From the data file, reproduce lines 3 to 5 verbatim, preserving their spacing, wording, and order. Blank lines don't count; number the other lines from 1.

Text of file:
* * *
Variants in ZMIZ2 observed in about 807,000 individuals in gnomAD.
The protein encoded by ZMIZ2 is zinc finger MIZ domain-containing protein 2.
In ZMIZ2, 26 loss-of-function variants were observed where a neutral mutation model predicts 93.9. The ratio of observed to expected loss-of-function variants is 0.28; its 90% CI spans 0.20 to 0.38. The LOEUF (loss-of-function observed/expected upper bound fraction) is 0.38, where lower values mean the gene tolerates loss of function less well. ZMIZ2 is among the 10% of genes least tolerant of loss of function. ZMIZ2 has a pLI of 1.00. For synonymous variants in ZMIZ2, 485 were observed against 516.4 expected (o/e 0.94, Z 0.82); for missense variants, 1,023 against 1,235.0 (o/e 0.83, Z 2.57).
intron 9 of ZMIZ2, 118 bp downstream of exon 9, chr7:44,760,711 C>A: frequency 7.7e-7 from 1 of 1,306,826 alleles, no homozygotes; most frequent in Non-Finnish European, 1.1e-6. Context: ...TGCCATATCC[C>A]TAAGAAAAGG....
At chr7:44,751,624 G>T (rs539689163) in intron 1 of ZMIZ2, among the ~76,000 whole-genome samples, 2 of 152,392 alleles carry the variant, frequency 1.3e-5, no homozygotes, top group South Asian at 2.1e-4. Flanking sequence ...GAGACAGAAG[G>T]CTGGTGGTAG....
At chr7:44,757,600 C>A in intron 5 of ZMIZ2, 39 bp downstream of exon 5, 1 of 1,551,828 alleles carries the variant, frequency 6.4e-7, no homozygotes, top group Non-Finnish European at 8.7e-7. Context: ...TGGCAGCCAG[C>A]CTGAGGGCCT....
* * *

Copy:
In ZMIZ2, 26 loss-of-function variants were observed where a neutral mutation model predicts 93.9. The ratio of observed to expected loss-of-function variants is 0.28; its 90% CI spans 0.20 to 0.38. The LOEUF (loss-of-function observed/expected upper bound fraction) is 0.38, where lower values mean the gene tolerates loss of function less well. ZMIZ2 is among the 10% of genes least tolerant of loss of function. ZMIZ2 has a pLI of 1.00. For synonymous variants in ZMIZ2, 485 were observed against 516.4 expected (o/e 0.94, Z 0.82); for missense variants, 1,023 against 1,235.0 (o/e 0.83, Z 2.57).
intron 9 of ZMIZ2, 118 bp downstream of exon 9, chr7:44,760,711 C>A: frequency 7.7e-7 from 1 of 1,306,826 alleles, no homozygotes; most frequent in Non-Finnish European, 1.1e-6. Context: ...TGCCATATCC[C>A]TAAGAAAAGG....
At chr7:44,751,624 G>T (rs539689163) in intron 1 of ZMIZ2, among the ~76,000 whole-genome samples, 2 of 152,392 alleles carry the variant, frequency 1.3e-5, no homozygotes, top group South Asian at 2.1e-4. Flanking sequence ...GAGACAGAAG[G>T]CTGGTGGTAG....